We asked readers to share their experiences of dealing with Irish banks. Here are just a section of the responses.
“I had an absolute nightmare dealing with AIB,” writes Suzanne. “I was trying to put a hold on my loan repayments for a three-month period while I was unemployed. It took seven weeks to finally get approval, by which time I’d had to borrow money from a relative just to cover it. I spent over 18 hours on hold waiting to speak to someone during that time. I was eventually told I had approval, but they put in writing in the documentation that I had to repay the whole loan in one go after the postponement period.
“I rang to explain I couldn’t do this, and could they put in writing that this was not the agreement and they said, no, that was the way it had to be done in documentation, but not to worry, they’d never expect me to do that in reality [and] I just need to phone them at the end of the period to re-explain my situation again! I had no choice but to sign. Just to add insult to injury, I had to go into a branch to sign the documents. I had to repeat the story four times, to four different members of staff, in the middle of a busy bank floor — and one of them laughed at me he thought it was so funny and complicated.”
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A reader called Catriona does voluntary work with an Irish-language youth club, which she says is “kind of like a Gaeltacht course but in a youth club format”.
The club recently applied to open an account with Bank of Ireland. “We filled in the reams of paperwork [and] one of the things we had to provide was the constitution or rules of our organisation.”
Catriona did all that was asked of her and handed it to the local branch of Bank of Ireland.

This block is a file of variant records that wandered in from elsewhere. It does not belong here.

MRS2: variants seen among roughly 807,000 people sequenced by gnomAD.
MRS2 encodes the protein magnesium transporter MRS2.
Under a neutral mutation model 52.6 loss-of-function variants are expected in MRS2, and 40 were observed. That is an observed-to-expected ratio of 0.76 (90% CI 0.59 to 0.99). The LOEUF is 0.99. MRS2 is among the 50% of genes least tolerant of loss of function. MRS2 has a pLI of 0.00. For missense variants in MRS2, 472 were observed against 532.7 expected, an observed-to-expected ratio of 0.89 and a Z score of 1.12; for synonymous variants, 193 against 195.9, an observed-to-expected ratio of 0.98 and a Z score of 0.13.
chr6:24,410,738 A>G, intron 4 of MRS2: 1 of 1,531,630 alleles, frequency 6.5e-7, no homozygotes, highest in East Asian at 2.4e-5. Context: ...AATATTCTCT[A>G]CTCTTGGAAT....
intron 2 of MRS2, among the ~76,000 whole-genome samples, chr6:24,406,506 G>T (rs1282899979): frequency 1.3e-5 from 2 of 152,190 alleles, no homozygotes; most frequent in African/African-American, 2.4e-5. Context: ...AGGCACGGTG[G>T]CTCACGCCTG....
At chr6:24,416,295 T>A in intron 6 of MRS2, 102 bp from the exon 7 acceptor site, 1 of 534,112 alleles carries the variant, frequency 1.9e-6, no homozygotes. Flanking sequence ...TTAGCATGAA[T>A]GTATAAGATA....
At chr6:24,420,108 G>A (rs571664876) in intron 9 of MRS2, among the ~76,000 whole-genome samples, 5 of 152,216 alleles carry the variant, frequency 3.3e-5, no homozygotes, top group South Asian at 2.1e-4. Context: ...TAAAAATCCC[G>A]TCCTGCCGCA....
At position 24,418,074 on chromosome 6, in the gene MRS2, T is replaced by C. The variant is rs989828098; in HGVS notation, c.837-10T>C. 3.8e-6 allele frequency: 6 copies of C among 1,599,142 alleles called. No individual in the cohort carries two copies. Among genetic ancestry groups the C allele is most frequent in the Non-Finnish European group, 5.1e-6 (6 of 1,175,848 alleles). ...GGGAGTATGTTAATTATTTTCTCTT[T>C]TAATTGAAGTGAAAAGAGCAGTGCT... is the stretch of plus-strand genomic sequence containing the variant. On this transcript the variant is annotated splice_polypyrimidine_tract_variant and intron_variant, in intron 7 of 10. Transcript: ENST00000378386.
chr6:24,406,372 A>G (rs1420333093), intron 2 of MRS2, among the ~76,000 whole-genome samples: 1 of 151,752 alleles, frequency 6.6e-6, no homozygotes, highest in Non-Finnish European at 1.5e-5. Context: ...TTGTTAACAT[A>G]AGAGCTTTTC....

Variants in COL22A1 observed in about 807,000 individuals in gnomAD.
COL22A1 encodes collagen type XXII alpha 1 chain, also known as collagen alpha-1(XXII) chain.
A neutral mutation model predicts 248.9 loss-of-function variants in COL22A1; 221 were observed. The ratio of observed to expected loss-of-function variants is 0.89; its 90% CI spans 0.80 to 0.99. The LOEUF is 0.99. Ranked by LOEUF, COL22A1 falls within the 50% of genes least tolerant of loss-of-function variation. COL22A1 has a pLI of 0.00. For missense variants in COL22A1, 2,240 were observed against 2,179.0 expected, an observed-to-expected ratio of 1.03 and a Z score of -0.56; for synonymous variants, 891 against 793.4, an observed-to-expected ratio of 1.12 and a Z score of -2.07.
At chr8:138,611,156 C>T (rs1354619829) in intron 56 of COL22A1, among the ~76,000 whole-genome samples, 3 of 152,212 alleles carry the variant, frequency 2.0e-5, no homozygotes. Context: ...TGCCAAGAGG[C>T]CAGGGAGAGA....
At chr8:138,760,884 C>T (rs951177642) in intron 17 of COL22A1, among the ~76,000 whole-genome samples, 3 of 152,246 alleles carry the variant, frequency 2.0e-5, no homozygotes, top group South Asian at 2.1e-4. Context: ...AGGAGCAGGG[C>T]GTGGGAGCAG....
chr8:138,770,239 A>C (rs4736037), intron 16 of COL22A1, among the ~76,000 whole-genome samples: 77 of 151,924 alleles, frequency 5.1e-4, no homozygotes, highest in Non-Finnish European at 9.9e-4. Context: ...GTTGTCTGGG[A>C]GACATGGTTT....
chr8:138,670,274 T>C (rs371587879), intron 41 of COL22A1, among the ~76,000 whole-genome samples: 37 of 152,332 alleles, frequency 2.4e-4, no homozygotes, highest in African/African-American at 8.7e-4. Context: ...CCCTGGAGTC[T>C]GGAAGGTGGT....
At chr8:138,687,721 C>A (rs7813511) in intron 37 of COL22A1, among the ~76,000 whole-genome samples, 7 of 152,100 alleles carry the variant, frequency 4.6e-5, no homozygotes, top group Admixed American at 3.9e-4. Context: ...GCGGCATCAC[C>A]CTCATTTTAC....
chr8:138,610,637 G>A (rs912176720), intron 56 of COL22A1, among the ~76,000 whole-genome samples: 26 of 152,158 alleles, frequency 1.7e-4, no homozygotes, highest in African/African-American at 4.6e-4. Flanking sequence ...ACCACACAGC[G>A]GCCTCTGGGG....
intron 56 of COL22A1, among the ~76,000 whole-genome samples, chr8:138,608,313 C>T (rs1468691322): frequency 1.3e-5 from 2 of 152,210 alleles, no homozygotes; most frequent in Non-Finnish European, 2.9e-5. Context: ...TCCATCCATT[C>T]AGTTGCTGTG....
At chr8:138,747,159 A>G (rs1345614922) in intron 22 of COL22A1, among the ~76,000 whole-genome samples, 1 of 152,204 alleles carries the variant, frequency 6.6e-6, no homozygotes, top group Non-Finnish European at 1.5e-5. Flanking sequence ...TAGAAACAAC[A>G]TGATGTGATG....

A few days later she got a call to say the club constitution/rules “were in Irish and neither he nor anyone on his compliance team could read Irish and I would have to provide him with an English translation. I pointed out that there must be someone in Banc na hÉireann who can read Irish, look at our constitution and confirm for him — ‘Yes, that’s a typical constitution for a youth club’. He said there wasn’t. I asked him to see if he could find someone in Banc na hÉireann who could read our very ordinary, uncontroversial youth-club constitution. That was July 8th. I’m still waiting to hear back and am not hopeful we’ll get our account even though all our finances and compliance matters are fully in order. ‘Banc na hÉireann’ my eye.”
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We also heard from Paul. “I joined Bank of Ireland as Ulster Bank is closing,” he says. “I went to the branch, where there was a long queue for one staff member (let’s call her Sharon) and none for the other as she was on the desk for foreign currency. I had a UK cheque to lodge and I needed to verify my identity for online banking. So, happy days, I went to the desk that was free. She lodged the UK cheque and told me I had to use the in-branch phone to verify my identity. As I walked away I turned and asked ... How will they know it’s me over the phone? Reply: ‘You need to check that first with my colleague Sharon!’ I just went home.”
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It wasn’t all bad, mind you. “Changed from Ulster Bank to AIB,” wrote Orna. She was given an eight-week waiting time in a local branch to make an appointment to do the changeover. She “was then recommended AIB hub in Dundrum Shopping Centre — appointment made within 24 hours, new account set up, so good in every way.”